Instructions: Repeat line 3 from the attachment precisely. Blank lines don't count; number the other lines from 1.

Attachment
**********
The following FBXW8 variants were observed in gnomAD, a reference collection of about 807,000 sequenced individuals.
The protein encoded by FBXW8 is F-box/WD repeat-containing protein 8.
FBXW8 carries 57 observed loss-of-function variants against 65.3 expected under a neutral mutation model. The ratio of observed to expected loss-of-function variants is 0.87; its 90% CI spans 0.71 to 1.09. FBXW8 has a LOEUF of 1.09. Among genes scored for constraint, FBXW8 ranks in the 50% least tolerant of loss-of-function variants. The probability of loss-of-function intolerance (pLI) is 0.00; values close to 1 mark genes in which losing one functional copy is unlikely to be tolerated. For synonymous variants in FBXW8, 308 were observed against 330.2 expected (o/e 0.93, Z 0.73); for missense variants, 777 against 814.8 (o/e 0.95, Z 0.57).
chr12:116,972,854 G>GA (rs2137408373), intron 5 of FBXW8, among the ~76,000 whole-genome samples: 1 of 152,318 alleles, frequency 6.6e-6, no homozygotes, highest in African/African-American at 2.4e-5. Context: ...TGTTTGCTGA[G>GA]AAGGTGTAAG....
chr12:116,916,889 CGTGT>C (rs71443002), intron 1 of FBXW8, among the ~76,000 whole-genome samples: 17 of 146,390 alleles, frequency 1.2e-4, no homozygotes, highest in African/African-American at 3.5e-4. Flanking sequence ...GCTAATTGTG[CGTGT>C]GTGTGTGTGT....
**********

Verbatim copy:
FBXW8 carries 57 observed loss-of-function variants against 65.3 expected under a neutral mutation model. The ratio of observed to expected loss-of-function variants is 0.87; its 90% CI spans 0.71 to 1.09. FBXW8 has a LOEUF of 1.09. Among genes scored for constraint, FBXW8 ranks in the 50% least tolerant of loss-of-function variants. The probability of loss-of-function intolerance (pLI) is 0.00; values close to 1 mark genes in which losing one functional copy is unlikely to be tolerated. For synonymous variants in FBXW8, 308 were observed against 330.2 expected (o/e 0.93, Z 0.73); for missense variants, 777 against 814.8 (o/e 0.95, Z 0.57).